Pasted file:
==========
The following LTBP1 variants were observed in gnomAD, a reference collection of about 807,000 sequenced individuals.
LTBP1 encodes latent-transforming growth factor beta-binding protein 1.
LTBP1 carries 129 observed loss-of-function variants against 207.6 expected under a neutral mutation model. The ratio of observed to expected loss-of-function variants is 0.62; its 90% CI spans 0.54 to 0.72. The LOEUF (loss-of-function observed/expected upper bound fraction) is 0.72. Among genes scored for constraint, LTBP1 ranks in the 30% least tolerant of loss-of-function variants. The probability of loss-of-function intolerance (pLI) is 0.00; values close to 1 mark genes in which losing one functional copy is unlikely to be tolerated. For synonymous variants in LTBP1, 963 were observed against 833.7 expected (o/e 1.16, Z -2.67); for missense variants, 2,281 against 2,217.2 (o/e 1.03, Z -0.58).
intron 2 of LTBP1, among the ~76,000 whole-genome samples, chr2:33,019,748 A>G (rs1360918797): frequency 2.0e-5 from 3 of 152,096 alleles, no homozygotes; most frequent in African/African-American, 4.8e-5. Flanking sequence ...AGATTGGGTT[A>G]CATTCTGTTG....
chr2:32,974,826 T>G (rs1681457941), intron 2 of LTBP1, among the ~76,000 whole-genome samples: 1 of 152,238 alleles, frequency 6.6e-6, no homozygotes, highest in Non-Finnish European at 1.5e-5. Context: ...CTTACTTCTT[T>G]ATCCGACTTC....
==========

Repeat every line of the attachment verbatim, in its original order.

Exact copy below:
The following LTBP1 variants were observed in gnomAD, a reference collection of about 807,000 sequenced individuals.
LTBP1 encodes latent-transforming growth factor beta-binding protein 1.
LTBP1 carries 129 observed loss-of-function variants against 207.6 expected under a neutral mutation model. The ratio of observed to expected loss-of-function variants is 0.62; its 90% CI spans 0.54 to 0.72. The LOEUF (loss-of-function observed/expected upper bound fraction) is 0.72. Among genes scored for constraint, LTBP1 ranks in the 30% least tolerant of loss-of-function variants. The probability of loss-of-function intolerance (pLI) is 0.00; values close to 1 mark genes in which losing one functional copy is unlikely to be tolerated. For synonymous variants in LTBP1, 963 were observed against 833.7 expected (o/e 1.16, Z -2.67); for missense variants, 2,281 against 2,217.2 (o/e 1.03, Z -0.58).
intron 2 of LTBP1, among the ~76,000 whole-genome samples, chr2:33,019,748 A>G (rs1360918797): frequency 2.0e-5 from 3 of 152,096 alleles, no homozygotes; most frequent in African/African-American, 4.8e-5. Flanking sequence ...AGATTGGGTT[A>G]CATTCTGTTG....
chr2:32,974,826 T>G (rs1681457941), intron 2 of LTBP1, among the ~76,000 whole-genome samples: 1 of 152,238 alleles, frequency 6.6e-6, no homozygotes, highest in Non-Finnish European at 1.5e-5. Context: ...CTTACTTCTT[T>G]ATCCGACTTC....